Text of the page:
Kenya has competed in almost every Olympic Games since making their debut at the Melbourne Olympics of 1956. With the exception of the 1976 and 1980 games which Kenya and other countries boycotted for varying reasons, it has been a long, winding journey filled with many firsts, highs and lows along the way too. I begin documenting Kenya’s journey over the years.
THE BREAK OUT OLYMPICS
MELBOURNE, AUSTRALIA 1956
Competing as a colony of Great Britain, Kenya would make their Olympic Games debut in Melbourne, represented in athletics, hockey, swimming and shooting by a contingent of 25. There were no medals for the team but notable results included Nyandika Maiyoro’s seventh position in the men’s 5000m final, Arap Sum Kanuti’s thirty first position in the men’s marathon and Lerease Joseph’s eighteenth place in the men’s high jump competition.
ROME, ITALY 1960
Kenya sent a twenty seven man contingent to these games, represented in athletics, hockey, shooting and sailing. Nothing much to write home about from these games as the team’s most notable performance was by Nyandika Maiyoro’s sixth placing in the men’s 5000m.
THE BREAKTHROUGH OLYMPICS
TOKYO, JAPAN 1964
Kenya were back at the Olympics for a third successive games, this time taking part in five disciplines namely, athletics, boxing, sailing, shooting and hockey. Future stars Kipchoge Keino, Naftali Temu and Philip Waruinge were part of the travelling party to the Far East as Kenya competed for the first time as an independent nation, having gained freedom from Great Britain in 1963.
800m runner Wilson Kiprugut’s third place in the final race in Tokyo saw him bag Kenya’s first ever medal at an Olympic Games. Kenya’s hockey team put in a strong display, claiming a sixth overall position in their discipline, a feat that would see them ranked sixth globally.
The hockey team missed out on semifinal qualification by a solitary point, finishing third in Pool A with 7 points off three wins, a draw and two defeats. They started with 0-0 draw against Rhodesia (now known as Zimbabwe) before losing 5-2 to Pakistan. They bounced back to beat New Zealand (3-2) and Australia (1-0) but lost 2-0 to hosts Japan. They ended their pool fixtures with a 1-0 win over Great Britain.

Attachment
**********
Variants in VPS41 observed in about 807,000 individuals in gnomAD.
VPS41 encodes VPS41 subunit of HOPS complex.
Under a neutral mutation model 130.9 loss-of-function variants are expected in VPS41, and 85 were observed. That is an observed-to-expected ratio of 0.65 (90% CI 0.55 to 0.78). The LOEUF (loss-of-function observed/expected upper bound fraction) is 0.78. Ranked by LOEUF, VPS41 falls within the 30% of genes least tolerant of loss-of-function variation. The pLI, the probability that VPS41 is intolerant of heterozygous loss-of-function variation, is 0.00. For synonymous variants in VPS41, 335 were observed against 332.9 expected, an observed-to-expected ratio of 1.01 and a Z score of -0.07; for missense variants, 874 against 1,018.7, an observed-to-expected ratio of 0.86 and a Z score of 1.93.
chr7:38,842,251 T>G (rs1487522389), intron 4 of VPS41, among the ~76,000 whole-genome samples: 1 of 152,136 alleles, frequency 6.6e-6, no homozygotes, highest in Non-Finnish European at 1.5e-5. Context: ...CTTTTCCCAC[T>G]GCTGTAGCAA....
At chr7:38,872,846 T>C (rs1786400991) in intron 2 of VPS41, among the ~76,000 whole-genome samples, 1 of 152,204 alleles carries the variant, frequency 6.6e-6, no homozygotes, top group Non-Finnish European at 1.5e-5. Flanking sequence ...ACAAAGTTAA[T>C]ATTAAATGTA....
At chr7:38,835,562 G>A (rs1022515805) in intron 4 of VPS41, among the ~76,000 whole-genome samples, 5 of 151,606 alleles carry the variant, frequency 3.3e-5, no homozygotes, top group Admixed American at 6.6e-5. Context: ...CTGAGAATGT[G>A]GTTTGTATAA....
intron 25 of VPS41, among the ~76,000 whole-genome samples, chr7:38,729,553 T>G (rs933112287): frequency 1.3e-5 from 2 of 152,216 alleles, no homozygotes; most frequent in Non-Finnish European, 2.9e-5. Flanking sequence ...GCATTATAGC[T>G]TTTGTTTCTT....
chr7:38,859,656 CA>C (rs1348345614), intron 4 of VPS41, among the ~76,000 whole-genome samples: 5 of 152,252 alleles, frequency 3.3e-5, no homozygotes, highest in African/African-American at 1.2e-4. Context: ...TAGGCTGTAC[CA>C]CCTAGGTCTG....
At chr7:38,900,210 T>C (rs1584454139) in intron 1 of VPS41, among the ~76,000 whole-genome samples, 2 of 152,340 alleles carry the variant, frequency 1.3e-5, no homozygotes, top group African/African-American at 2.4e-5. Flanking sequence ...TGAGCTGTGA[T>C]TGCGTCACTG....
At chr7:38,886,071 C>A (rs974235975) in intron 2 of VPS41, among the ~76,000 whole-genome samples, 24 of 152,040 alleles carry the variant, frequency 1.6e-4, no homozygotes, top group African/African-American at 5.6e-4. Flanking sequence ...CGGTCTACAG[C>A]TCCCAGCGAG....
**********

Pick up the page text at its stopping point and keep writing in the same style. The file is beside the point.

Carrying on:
They then beat the Netherlands 3-1 in the fifth place semis but fell to a 3-0 loss to Germany to finish the tournament in sixth place.
There were further solid displays from two of the five man boxing contingent on duty in Tokyo. Philip Waruinge, a fledgling 19 year old from Nakuru was ranked ninth overall in the featherweight category, same as 20 year old Alex Oundu in the lightweight category.
Kenya’s contingent to the 1964 Tokyo Olympics
BOXING: John Kamau (Flyweight) ,Philip Waruinge (Featherweight),John Olulu (Lightwelter),Alex Oundu (Lightweight),Gichere Gakungu (Welterweight)
ATHLETICS: John Owiti (100m),Seraphino Antao (100m/200m),Wilson Kiprugut (400m/800m),Peter Francis (800m),Kipchoge Keino (1500m/5000m),Naftali Temu (10000m/Marathon),Chrisantus Nyakwayo (Marathon),Andrew Soi (Marathon),Benjamin Kogo (3000m steeplechase),Kimaru Songok (400m hurdles),Koech Kiprop (Decathlon)
HOCKEY: Saude George, Anthony Vaz, Avtar Singh Sohal, Santokh Singh Matharu, Surjeet Singh Panesar,Silvester Fernandes, Hilary Fernandes, Edgar Fernandes, Egbert Fernandes,Reynold D’Souza, Alu Mendonca, John Simonian, Krishnan Kumar, Aggarwal, Amar Singh Mangat, Leo Fernandes, Tejparkash Singh Brarf
SAILING: Peter Cooke
SHOOTING: Leonard Bull,Alan Handford-Rice,Michael Horner,Nigel Vernon-Roberts